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It can come as a surprise to New Yorkers when friends or family who have been married for decades decide to divorce. This scenario is not unusual, however. According to one source, the number of divorces involving spouses age 65 or over has increased three-fold over the past 25 years. The AARP has even coined the term “gray divorce” describe divorces among those age 50 and older. The following are three issues those going through a gray divorce are likely to face.
New York is an “equitable distribution” state when it comes to property division. This means assets will be divided based on what is fair, even if this does not lead to an exact 50/50 split. Of specific concern to those going through a divorce is the division of retirement accounts. Couples should seek the advice of a professional to determine whether a retirement account is a marital asset or non-marital asset and what this means for the property division process.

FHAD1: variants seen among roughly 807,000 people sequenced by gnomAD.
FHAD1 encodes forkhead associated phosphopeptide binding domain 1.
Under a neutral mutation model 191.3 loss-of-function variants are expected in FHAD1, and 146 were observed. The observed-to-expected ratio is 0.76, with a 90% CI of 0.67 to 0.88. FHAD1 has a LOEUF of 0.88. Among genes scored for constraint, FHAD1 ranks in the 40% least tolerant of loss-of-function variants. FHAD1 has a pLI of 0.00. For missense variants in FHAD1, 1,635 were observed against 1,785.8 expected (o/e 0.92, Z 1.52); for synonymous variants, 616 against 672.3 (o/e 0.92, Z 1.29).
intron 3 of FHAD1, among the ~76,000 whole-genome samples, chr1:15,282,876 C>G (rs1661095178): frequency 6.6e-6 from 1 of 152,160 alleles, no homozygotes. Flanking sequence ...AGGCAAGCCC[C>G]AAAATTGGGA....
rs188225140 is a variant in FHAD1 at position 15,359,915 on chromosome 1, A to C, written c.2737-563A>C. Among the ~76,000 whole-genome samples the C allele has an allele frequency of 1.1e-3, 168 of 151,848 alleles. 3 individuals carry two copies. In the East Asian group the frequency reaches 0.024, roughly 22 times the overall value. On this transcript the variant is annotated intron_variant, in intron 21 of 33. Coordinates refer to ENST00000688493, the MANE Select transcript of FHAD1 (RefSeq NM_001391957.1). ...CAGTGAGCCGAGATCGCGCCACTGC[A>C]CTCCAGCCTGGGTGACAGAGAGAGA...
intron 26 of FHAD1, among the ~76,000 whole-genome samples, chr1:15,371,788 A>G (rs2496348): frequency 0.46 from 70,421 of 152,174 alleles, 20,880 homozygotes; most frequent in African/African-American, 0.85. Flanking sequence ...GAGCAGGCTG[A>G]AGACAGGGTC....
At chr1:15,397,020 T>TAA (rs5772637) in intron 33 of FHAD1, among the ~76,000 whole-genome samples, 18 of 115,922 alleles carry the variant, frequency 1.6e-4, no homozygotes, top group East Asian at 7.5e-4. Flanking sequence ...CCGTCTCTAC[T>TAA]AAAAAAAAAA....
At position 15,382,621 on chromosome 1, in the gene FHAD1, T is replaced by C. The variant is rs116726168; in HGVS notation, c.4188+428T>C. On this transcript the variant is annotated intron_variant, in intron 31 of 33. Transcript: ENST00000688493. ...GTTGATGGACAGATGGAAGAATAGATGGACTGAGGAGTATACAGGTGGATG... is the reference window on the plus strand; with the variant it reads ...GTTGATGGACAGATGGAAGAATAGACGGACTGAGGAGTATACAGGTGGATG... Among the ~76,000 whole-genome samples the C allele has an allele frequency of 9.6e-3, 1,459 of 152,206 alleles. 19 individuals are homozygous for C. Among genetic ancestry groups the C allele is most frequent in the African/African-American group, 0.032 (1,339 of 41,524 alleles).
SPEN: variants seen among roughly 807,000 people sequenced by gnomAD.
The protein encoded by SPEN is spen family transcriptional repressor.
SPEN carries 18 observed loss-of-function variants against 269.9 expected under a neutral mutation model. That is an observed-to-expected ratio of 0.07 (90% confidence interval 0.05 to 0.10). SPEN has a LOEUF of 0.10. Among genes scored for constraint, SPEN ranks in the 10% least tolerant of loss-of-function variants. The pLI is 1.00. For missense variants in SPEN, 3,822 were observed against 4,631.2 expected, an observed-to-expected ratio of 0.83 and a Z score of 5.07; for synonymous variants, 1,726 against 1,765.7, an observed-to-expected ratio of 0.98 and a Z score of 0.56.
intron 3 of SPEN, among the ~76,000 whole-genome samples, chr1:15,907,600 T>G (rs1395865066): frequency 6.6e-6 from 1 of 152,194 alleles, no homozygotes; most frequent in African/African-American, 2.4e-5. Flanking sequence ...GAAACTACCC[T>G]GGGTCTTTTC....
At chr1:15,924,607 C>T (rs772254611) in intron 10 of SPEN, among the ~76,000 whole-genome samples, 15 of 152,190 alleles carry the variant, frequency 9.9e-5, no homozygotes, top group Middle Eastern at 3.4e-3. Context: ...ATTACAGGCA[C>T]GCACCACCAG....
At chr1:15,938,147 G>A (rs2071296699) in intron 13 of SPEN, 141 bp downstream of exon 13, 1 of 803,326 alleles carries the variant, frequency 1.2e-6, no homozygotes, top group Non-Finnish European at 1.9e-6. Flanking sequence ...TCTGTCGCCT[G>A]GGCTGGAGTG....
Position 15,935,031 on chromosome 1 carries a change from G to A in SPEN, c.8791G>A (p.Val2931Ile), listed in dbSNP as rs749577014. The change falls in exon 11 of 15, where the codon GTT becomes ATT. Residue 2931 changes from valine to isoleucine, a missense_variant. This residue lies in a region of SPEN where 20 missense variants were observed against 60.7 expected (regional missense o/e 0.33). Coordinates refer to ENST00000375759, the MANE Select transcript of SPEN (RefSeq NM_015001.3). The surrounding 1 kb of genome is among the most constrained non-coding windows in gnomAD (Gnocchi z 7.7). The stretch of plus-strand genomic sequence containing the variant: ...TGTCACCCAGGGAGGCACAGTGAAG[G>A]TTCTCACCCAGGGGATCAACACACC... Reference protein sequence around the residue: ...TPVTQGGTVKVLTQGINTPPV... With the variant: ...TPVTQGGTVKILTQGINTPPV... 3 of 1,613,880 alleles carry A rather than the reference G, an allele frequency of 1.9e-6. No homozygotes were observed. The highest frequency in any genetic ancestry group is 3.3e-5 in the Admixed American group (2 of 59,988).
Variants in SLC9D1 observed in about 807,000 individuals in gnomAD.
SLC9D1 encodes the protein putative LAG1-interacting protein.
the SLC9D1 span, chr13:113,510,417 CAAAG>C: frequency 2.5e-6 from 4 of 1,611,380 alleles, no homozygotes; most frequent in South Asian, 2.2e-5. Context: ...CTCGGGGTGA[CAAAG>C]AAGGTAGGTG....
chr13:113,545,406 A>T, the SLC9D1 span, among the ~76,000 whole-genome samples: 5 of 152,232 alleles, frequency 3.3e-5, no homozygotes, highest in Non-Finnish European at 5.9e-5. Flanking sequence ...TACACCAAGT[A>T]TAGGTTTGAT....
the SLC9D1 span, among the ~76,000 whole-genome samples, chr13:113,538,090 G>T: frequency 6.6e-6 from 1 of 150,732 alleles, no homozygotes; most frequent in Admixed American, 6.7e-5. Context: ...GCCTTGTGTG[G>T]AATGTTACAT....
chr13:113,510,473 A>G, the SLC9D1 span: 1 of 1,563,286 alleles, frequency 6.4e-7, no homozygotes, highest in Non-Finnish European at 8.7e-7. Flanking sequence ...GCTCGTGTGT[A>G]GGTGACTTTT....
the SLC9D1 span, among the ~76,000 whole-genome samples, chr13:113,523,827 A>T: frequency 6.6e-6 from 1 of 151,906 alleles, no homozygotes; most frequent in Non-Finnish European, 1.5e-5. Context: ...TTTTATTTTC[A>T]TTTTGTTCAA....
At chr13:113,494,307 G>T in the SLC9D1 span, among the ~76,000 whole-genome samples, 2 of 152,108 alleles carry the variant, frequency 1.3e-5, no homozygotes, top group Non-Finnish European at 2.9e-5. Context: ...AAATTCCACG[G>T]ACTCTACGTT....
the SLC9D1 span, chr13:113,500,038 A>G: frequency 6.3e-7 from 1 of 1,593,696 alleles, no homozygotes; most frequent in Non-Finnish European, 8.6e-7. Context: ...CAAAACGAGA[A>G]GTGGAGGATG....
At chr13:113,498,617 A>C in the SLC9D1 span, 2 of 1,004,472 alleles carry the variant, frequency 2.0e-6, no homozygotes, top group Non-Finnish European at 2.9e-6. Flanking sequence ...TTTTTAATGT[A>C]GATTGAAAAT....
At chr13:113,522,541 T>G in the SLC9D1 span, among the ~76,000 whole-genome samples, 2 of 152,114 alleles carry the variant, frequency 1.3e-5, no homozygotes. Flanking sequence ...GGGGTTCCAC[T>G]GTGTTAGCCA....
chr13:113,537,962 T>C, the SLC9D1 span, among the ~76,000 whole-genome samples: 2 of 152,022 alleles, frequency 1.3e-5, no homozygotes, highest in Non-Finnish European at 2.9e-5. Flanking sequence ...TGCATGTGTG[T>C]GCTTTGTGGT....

It is possible that you may be able to draw off your ex’s Social Security benefits, especially if your ex was the higher wage earner. As long as all necessary requirements are met, your ex may not even know you are drawing benefits based on their record.
It is likely that a person between the ages of 50 to 65 have some sort of health condition. If they were covered by their ex’s health insurance and as they do not yet qualify for Medicare, they will need to obtain health insurance to cover the gap. This may mean obtaining COBRA benefits or purchasing an individual health insurance plan. Those who find themselves in such a situation should also consider whether it is necessary to obtain long-term care insurance.
The priorities those going through a gray divorce may have can be very different from those of their younger counterparts. This post is for educational purposes only and does not contain legal advice. Our firm’s website on divorce may be of interest to older couples who are thinking about ending their marriage.
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